New MrbMiner malware has infected thousands of MSSQL databases

Image: Caroline Grondin, Microsoft, ZDNet

A new malware gang has made a name for itself over the past few months by hacking into Microsoft SQL Servers (MSSQL) and installing a crypto-miner.

Thousands of MSSQL databases have been infected so far, according to the cybersecurity arm of Chinese tech giant Tencent.

In a report published earlier this month, Tencent Security has named this new malware gang MrbMiner, after one of the domains used by the group to host their malware.

The Chinese company says the botnet has exclusively spread by scanning the internet for MSSQL servers and then performing brute-force attacks by repeatedly trying the admin account with various weak passwords.

Once the attackers gained a foothold on a system, they downloaded an initial assm.exe file, which they used to establish a (re)boot persistence mechanism and to add a backdoor account for future access. Tencent says this account uses the

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Microsoft: These patches aim to make Linux run as root partition on Hyper-V

Microsoft has submitted a series of patches to Linux kernel developers requesting that Linux run as the root partition on the Hyper-V, its hypervisor software for running Windows and non-Windows instances on hardware. 

Microsoft “wants to create a complete virtualization stack with Linux and Microsoft Hypervisor”, according to Microsoft principle software engineer Wei Liu. 

Liu has proposed an RFC or request for comment that for now merely implements what are only the “absolutely necessary components to get things running”.  

“There will be a subsequent patch series to provide a device node (/dev/mshv) such that userspace programs can create and run virtual machines. We’ve also ported Cloud Hypervisor over and have been able to boot a Linux guest with Virtio devices since late July.”

Cloud Hypervisor is an experimental open-source hypervisor implementation from Intel written in the Rust programming language. It’s a virtual-machine monitor that runs on top of KVM, the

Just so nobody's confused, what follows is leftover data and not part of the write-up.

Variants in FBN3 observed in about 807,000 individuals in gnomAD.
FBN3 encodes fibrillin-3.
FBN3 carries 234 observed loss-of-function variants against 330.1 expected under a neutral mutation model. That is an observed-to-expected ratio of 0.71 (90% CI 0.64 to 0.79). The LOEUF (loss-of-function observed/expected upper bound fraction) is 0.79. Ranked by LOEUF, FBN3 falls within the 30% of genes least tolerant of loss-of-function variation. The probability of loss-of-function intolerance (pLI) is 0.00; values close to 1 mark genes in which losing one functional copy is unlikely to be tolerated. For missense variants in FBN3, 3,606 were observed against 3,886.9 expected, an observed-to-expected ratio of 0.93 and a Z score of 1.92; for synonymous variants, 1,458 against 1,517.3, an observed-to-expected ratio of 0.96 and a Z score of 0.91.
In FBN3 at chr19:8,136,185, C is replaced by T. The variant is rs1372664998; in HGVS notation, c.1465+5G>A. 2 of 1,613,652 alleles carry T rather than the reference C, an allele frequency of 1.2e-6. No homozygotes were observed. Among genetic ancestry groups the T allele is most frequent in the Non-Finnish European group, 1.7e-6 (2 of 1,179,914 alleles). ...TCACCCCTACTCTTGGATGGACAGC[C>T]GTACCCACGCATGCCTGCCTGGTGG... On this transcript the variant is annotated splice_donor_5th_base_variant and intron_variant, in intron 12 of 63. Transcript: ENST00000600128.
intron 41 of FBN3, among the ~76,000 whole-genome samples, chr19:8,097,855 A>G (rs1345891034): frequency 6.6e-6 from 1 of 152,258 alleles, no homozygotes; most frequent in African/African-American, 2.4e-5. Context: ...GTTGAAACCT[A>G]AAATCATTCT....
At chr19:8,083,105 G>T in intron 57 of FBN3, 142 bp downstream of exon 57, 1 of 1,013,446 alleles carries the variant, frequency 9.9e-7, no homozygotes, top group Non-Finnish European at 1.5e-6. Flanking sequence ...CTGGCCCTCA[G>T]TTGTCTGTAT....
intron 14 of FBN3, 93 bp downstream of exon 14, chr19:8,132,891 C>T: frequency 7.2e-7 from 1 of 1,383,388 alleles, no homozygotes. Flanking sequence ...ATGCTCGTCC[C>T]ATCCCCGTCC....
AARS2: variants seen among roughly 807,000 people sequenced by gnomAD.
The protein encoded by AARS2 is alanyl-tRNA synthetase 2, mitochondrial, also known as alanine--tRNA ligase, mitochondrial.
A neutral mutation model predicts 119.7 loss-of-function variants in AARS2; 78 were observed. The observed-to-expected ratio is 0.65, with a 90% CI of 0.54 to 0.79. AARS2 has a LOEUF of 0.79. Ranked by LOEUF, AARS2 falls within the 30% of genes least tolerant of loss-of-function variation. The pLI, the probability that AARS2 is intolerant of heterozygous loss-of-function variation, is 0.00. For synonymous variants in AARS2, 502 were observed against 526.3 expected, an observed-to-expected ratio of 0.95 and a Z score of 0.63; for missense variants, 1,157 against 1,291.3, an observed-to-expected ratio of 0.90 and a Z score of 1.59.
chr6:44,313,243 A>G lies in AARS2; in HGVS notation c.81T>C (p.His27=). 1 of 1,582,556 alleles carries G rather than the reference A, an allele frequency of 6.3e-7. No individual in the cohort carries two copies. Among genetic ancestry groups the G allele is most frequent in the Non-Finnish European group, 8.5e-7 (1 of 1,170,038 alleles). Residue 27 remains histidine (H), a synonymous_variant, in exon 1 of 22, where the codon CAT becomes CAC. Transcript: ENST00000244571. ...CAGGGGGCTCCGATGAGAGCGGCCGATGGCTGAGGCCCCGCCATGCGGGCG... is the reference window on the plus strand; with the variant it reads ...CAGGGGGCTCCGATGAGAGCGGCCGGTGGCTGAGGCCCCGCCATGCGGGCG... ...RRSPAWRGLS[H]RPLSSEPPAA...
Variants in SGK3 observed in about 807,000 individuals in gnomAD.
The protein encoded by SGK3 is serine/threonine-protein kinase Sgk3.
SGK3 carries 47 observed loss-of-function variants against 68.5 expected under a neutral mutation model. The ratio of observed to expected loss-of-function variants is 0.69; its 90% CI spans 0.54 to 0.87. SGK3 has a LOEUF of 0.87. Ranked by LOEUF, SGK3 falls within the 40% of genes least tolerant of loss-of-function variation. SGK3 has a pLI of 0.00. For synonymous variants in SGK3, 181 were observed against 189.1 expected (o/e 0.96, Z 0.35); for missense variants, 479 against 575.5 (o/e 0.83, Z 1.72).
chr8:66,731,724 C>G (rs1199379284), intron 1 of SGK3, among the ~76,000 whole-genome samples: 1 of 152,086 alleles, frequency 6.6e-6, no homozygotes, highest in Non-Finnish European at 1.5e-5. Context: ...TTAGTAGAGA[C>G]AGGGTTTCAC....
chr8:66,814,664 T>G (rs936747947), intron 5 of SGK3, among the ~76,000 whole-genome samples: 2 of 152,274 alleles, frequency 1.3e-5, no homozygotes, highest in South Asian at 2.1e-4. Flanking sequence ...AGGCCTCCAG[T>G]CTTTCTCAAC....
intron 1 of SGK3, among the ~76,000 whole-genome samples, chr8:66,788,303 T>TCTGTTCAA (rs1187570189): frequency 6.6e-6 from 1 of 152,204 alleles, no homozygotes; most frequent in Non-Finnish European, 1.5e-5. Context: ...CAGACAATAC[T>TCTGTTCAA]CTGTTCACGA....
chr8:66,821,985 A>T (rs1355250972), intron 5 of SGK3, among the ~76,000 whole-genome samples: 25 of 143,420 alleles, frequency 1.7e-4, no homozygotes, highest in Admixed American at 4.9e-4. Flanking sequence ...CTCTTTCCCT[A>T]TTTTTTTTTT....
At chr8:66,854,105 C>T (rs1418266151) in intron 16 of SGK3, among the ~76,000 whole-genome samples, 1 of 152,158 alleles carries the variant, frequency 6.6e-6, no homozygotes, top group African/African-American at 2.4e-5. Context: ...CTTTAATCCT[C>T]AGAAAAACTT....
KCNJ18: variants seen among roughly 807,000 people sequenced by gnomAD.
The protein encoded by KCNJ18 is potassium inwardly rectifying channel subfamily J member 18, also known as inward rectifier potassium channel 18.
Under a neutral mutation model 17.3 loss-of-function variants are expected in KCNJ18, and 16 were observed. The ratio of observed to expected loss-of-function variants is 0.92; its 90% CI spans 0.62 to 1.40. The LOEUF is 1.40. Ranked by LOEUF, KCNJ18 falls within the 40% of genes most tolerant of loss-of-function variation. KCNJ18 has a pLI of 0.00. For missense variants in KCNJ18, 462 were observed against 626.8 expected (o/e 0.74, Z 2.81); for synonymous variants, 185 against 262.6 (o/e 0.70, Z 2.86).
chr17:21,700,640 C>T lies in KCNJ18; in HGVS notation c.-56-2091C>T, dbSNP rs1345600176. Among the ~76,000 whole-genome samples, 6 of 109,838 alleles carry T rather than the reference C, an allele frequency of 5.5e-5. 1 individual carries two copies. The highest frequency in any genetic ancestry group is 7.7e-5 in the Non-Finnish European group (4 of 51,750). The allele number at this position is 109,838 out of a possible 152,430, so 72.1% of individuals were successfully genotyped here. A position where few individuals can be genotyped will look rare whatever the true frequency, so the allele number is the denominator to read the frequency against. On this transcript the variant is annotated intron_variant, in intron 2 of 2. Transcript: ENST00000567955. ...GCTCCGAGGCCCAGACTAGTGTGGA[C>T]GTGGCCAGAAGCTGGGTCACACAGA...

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EU announces cross-territory contact-tracing app gateway

While other countries, most notably the UK, struggle to launch contact-tracing apps to help prevent the spread of the Covid-19 coronavirus, nations in the European Union (EU) have moved up a gear as they begin initial testing of the previously announced interoperability gateway service linking national apps across the EU.

Since the outbreak of the coronavirus pandemic, member states, backed by the European Commission (EC), have been assessing the effectiveness, security, privacy and data protection aspects of digital solutions to address the crisis.

In April, and as part of a common coordinated approach to support the gradual lifting of confinement measures that had been implemented across the EU, member states, supported by the EC, announced the development of a toolbox for the use of mobile applications for contact tracing and warning in response to the coronavirus pandemic. It stated that contact-tracing apps, if well-coordinated and fully compliant with EU rules,

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Q&A with Facebook India head Ajit Mohan on the company's recent political controversy in India, its monetization opportunities, and startup investments (Manish Singh/TechCrunch)

Manish Singh / TechCrunch:

Q&A with Facebook India head Ajit Mohan on the company’s recent political controversy in India, its monetization opportunities, and startup investments  —  Facebook’s play in its biggest market by users  —  At the beginning of the previous decade, Facebook had a tiny presence in India.… Read More